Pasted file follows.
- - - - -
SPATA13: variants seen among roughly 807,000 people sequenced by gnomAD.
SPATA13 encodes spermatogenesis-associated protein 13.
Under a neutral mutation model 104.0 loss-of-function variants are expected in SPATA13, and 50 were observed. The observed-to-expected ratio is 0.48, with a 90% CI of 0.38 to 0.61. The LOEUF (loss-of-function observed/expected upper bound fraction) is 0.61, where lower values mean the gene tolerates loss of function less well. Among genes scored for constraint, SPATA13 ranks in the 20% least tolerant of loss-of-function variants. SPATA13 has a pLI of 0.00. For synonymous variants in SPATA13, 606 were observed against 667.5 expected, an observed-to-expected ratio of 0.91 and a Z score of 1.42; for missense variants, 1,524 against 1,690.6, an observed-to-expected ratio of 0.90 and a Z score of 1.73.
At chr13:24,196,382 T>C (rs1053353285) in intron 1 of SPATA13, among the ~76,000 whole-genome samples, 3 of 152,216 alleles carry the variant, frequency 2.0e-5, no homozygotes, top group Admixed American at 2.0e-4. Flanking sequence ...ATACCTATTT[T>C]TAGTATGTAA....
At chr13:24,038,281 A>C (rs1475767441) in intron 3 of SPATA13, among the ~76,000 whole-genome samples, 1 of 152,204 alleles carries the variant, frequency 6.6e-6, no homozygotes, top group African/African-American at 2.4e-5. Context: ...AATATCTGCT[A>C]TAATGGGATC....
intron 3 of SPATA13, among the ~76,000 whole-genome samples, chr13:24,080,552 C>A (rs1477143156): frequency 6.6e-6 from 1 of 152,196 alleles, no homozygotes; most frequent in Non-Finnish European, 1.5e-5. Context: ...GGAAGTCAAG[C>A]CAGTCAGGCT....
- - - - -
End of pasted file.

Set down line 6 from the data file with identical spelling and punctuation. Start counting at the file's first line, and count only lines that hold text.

intron 3 of SPATA13, among the ~76,000 whole-genome samples, chr13:24,080,552 C>A (rs1477143156): frequency 6.6e-6 from 1 of 152,196 alleles, no homozygotes; most frequent in Non-Finnish European, 1.5e-5. Context: ...GGAAGTCAAG[C>A]CAGTCAGGCT....